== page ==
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Learning Math Home
Patterns, Functions, and Algebra
 
Session 7 Part A Part B Part C Part D Homework
 
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A B C D
Homework

Video

Solutions for Session 7, Part C

See solutions for Problems: C1 | C2 | C3 | C4 | C5 | C6| C7 | C8 | C9


Problem C1

<< back to Problem C1


 

Problem C2

Here is the completed table:

 

Number of dots on side of square

 

Total number of dots (square number)

1

 

1

2

 

4

3

 

9

4

 

16

5

 

25

6

 

36

10

 

100

13

 

169

 

<< back to Problem C2


 

Problem C3

It is neither a linear nor an exponential graph. Its successive outputs do not have the same ratio; therefore, it cannot be an exponential graph. It is certainly not a straight line, because successive outputs do not have the same difference, so it cannot be a linear graph.

<< back to Problem C3


 

Problem C4

The rule is O = n2, where O is the output, the total number of dots, and n is the number of dots on the side of a square. A recursive rule is Dn = Dlast + (2n - 1).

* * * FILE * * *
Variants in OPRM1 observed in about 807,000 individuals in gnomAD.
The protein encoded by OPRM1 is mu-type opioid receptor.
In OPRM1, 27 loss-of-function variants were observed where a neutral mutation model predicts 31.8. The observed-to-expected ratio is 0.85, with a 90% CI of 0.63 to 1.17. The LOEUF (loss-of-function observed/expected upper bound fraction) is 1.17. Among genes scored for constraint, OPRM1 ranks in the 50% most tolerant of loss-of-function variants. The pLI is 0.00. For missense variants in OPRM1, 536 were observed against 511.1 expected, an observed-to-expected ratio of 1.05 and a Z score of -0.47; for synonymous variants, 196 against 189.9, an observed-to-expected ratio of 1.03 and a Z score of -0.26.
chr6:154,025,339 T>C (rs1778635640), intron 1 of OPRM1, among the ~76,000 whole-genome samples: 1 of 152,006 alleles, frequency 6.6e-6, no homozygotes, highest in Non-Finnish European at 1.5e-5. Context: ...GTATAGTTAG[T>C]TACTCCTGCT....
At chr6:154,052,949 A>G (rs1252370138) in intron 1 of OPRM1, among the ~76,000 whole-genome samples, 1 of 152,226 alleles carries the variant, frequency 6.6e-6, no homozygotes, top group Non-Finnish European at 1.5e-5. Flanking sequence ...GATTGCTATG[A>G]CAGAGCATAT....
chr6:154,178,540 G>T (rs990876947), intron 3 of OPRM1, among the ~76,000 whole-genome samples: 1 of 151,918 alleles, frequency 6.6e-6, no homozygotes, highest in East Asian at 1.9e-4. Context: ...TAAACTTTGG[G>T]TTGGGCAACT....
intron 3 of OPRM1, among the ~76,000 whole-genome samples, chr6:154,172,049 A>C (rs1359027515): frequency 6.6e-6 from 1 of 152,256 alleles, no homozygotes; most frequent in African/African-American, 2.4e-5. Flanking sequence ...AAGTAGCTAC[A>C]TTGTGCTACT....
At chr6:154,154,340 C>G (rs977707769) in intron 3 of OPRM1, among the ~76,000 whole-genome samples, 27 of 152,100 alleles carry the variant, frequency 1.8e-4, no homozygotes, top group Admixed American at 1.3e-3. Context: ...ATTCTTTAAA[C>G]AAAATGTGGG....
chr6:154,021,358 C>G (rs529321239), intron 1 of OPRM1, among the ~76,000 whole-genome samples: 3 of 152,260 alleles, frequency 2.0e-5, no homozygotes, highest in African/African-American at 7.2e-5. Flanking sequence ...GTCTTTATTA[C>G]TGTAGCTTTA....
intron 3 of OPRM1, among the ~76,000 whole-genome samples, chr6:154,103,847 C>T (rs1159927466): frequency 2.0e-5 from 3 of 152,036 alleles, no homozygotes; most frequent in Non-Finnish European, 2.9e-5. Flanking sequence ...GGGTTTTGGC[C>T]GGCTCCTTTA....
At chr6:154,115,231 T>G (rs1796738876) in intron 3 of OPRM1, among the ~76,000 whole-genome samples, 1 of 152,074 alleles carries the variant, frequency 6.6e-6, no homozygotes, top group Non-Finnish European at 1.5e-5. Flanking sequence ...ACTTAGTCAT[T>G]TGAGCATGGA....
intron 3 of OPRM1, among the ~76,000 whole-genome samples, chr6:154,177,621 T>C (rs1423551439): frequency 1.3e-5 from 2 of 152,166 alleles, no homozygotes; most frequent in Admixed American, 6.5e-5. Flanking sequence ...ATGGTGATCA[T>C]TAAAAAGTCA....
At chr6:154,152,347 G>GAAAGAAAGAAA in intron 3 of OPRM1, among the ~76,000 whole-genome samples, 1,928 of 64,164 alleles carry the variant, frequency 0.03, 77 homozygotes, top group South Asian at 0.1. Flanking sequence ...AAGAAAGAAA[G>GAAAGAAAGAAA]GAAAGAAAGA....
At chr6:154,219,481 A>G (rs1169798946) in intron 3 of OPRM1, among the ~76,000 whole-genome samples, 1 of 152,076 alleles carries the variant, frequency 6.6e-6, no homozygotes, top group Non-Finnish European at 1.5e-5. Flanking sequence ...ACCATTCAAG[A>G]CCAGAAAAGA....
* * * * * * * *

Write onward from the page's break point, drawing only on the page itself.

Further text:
<< back to Problem C4


 

Problem C5

<< back to Problem C5


 

Problem C6

Here is the completed table.

 

Number of dots on side of triangle

 

Total number of dots (triangular number)

1

 

1

2

 

3

3

 

6

4

 

10

5

 

15

6

 

21

9

 

45

19

 

190

 

<< back to Problem C6


 

Problem C7

As with Problem C3, the graph does not demonstrate exponential behavior, because successive terms do not have the same ratio. It's not a linear graph, either, because it is certainly not a straight line. Actually, the graphs of the table of square numbers and the table of triangular numbers look pretty similar.

<< back to Problem C7


 

Problem C8

There is more than one answer, but one is O = (n)(n + 1) / 2. The recursive form is easier to find: Dn = Dlast + n, because n new dots are added in the nth triangle.

<< back to Problem C8


 

Problem C9

Both closed-form rules involve multiplying n by itself at some point, and both recursive rules involve adding something linear to n. Compare this to linear functions, which have only a single use of the variable in their closed-form rules, and a constant in the recursive rule.

<< back to Problem C9

 

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